The weather ate my returns

As companies report earnings from the first three months of 2015, they’re spending more time complaining about the weather than coworkers making small talk in an elevator. Just this week, companies have blamed a host of scapegoats for their weaker-than-expected results—including February blizzards, cheaper oil prices, and especially the stronger U.S. dollar, which has taken a bite out of many a balance sheet.

Think of it as the boardroom version of “the dog ate my homework” line. Indeed, with dramatic declines in both the price of oil and the value of foreign currencies versus the U.S. dollar, U.S. corporations have been pointing a lot of fingers lately as they explain why much of their performance was beyond management’s control.

And those aren’t the only excuses that executives have come up with. Tesla (TSLA), for example, recently said it was unable to deliver the cars it promised due to its “customers being on vacation,” (in addition to the bad weather). Huh? On the other hand, many companies attributed a bump in first-quarter sales to the simple fact that Easter fell earlier than usual this year.

We asked FactSet to tally how many S&P 500 companies cited certain macro trends in their earnings calls, and the results were striking: More than half of the index discussed “oil” last quarter, which is at least double the amount that brought it up during the same period over the last several years. At the same time, only 41 companies mentioned the recession, down from 124 who did in 2011.

The winter chill, meanwhile, is a particularly convenient excuse for poor earnings performance. Companies mentioning “weather” spiked to a total of 290 in the second quarter of last year as they reported the impact from the frigid “polar vortex”—which 23 companies, or nearly 5% of the S&P 500, cited specifically that quarter, up from zero in any year before 2014.

It’s too early to tell whether the current quarter will show a similar spike in weather mentions once companies report their January-to-March results. But so far, it looks likely, as April showers have brought…more griping about the winter. Companies have blamed it for a variety of bad results—from disappointing fast casual turnout (Chipotle (CMG), saying, “Our sales typically come roaring back after a big snow storm … but the weather impact this year lasted for many weeks”) to lower motorcycle sales (Harley Davidson (HOG)) to dozens of store closures (Under Armour (UA)) to a 21% drop in profit (Travelers Companies (TRV), which cited “the polar vortex last year and the extreme snowing cold”). And that’s just a sample from the last few weeks.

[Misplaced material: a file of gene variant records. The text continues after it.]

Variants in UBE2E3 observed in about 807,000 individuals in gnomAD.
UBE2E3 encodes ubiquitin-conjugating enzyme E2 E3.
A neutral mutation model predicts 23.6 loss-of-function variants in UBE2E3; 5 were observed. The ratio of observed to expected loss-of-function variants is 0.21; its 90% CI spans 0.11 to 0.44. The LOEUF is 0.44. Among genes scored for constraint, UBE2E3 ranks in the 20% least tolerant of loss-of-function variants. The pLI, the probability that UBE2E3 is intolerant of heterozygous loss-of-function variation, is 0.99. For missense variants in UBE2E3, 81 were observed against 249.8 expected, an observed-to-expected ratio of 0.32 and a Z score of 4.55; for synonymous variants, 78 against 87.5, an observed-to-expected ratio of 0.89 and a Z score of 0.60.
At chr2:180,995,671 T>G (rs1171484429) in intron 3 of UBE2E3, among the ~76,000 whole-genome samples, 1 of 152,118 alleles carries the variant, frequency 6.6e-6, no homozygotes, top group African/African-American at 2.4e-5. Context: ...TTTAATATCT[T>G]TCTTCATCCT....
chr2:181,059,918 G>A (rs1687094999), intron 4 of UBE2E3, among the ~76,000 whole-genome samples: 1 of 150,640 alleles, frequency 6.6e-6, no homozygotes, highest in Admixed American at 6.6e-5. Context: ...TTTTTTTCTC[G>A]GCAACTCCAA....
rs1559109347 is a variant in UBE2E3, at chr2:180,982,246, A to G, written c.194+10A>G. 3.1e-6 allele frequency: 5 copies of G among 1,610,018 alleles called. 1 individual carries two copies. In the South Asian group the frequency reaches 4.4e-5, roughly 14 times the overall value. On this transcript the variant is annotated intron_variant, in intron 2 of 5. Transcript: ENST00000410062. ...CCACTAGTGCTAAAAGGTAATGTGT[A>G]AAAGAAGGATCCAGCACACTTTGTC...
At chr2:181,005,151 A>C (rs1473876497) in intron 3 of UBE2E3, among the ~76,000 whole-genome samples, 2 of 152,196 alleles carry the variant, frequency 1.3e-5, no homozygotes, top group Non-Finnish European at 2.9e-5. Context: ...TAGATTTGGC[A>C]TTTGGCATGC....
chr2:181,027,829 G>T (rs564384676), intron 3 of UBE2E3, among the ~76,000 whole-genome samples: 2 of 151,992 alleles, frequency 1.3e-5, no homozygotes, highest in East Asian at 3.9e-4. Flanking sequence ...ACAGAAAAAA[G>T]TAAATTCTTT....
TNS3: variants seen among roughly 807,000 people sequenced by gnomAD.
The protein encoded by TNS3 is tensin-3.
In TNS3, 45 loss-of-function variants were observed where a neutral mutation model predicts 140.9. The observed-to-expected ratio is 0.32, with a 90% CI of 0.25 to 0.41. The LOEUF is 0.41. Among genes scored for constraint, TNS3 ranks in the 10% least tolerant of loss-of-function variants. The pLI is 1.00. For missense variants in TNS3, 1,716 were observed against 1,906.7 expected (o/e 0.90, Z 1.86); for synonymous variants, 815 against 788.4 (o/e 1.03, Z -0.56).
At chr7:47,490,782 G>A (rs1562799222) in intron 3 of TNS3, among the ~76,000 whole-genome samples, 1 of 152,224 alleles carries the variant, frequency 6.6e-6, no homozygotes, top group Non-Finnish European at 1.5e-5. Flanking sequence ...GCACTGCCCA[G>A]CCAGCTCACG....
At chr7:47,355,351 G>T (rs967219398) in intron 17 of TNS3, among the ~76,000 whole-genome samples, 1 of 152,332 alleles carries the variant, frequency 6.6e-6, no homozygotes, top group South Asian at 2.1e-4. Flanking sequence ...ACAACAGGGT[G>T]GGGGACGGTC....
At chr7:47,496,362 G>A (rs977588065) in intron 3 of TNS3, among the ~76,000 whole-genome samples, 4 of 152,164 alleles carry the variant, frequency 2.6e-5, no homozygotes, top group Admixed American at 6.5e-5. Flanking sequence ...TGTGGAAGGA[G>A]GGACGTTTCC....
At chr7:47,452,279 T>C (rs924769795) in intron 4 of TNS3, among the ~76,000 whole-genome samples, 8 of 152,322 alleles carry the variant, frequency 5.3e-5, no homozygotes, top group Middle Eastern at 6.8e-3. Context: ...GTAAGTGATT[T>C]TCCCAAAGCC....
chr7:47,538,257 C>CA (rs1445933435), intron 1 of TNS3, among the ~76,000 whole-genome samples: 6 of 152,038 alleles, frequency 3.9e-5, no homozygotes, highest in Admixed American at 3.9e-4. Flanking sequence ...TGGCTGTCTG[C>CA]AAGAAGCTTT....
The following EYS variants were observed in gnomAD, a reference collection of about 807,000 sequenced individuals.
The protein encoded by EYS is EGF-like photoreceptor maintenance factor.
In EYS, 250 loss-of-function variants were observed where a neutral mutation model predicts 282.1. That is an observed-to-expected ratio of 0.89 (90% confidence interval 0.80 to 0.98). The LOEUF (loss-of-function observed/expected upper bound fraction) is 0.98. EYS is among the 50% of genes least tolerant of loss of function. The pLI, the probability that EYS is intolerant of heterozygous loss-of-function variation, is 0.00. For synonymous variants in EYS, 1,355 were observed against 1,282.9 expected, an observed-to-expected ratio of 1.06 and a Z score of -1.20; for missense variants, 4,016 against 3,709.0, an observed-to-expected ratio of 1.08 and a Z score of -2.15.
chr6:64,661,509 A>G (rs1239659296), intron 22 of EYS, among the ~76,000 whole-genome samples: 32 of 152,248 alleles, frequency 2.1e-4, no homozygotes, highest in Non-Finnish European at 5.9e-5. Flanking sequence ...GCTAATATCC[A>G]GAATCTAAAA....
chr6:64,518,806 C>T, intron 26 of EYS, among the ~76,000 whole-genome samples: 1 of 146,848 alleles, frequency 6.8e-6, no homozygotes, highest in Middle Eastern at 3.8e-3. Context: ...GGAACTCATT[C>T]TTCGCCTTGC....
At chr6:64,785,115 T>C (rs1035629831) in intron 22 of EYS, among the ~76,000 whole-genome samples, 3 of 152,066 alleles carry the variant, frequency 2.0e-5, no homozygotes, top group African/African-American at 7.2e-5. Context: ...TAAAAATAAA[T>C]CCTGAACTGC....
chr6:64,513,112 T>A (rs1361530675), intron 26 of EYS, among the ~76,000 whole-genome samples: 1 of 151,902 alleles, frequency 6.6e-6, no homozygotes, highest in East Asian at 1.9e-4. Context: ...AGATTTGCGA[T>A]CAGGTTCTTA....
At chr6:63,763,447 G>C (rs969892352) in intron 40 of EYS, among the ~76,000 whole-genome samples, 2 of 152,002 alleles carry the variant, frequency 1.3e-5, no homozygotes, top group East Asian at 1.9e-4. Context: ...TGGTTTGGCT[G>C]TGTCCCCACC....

The strengthening U.S. dollar, however, is clearly the hot topic: a total of 349 companies talked about it last quarter, which is roughly 100 companies more than the number that mentioned “dollar” in any other quarter since 2011. On Thursday, several major companies quantified just how big an effect the strong dollar was having on their business. PepsiCo (PEP), for one, said it expects the exchange rate to shave 10 percentage points off its full-year revenue growth, and a whopping 11 percentage points off core earnings per share for the year. And Procter & Gamble (PG) reported a 17% decline in profits—but profits would have grown if not for the foreign exchange rate, the company said. Novartis (NVS), for its part, “got completely crushed by the strong U.S. currency,” wrote Edison Investment Research analyst Maxim Jacobs.

To be sure, experts on corporate doublespeak caution that our analysis of earnings transcripts isn’t perfect, and probably captures companies that weren’t actually blaming the exchange rate or the snow, but mentioning them in a different context. “They’re using words about the economy, or words about weather, but how they are using them becomes the key to determining whether or not there’s any real relationship between the use of the word and the fact that it’s an excuse,” says Brian Bruce, CEO and chief investment officer of Hillcrest Asset Management, which analyzes the text (and word choices) in earnings transcripts as part of its investment process. “Is weather mentioned in a positive way? Is it negatively related, or did they just happen to mention, ‘Our board meeting was held on a nice sunny day?’”

Certainly, headwinds for some companies were tailwinds for others: While oil companies are reeling from cheaper crude prices, airlines like Delta (DAL) are padding their bottom lines with fuel savings. And as some lamented that weather kept shoppers away from stores, Rite Aid (RAD) sung the praises of “an increase in cold and flu-related incidents.”

Still, it’s hard to believe that companies mentioning the “polar vortex” were talking about a boon to profits. And new research suggests that corporate earnings excuses could be a red flag to investors. A 2014 study by Emory University researcher Dexin Zhou, titled “The Blame Game,” found that the more corporate executives blamed poor performance on external factors, the less their stocks returned in the future.

Eric Schoenstein, a portfolio manager of the Jensen Quality Growth fund, however, gives his companies a pass when they justify that the weather, or another factor, really was at fault. “It’s not just, did they blame the weather, but did it make sense that they blamed the weather? Does it stand to reason that weather could have impacted the business?” he says. “I wouldn’t expect a technology company to blame the weather.”

An abbreviated version of this article appeared in the May 1, 2015 issue of Fortune magazine.

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